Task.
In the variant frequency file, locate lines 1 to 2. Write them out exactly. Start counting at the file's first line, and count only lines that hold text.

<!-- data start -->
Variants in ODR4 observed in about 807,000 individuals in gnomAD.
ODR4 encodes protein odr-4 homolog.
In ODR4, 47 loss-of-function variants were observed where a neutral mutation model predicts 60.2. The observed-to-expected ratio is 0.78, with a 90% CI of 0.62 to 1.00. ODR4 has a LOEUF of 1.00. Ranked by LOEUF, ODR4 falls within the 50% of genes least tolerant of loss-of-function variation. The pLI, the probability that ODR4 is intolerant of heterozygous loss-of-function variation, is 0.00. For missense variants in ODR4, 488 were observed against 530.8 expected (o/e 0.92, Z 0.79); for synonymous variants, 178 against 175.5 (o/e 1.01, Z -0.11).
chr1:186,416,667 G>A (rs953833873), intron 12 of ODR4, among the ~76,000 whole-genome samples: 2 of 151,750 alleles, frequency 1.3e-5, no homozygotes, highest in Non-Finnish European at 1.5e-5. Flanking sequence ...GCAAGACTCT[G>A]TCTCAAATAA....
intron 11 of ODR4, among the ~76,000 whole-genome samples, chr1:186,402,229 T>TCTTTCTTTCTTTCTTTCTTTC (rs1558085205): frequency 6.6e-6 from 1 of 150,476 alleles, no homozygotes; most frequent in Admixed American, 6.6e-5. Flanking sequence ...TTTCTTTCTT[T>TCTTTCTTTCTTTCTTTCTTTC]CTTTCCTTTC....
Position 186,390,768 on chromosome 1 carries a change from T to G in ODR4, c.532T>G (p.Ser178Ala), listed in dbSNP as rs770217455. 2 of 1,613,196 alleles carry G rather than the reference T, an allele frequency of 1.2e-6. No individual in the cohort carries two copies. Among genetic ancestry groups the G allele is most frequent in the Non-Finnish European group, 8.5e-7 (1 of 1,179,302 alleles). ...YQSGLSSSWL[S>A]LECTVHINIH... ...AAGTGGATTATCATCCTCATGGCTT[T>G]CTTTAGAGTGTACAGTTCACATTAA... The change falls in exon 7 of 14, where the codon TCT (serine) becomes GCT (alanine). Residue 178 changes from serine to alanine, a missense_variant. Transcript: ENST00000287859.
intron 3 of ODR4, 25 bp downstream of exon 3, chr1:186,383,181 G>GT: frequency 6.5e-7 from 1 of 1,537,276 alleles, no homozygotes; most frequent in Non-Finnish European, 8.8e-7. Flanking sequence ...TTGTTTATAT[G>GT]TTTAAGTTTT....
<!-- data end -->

Variants in ODR4 observed in about 807,000 individuals in gnomAD.
ODR4 encodes protein odr-4 homolog.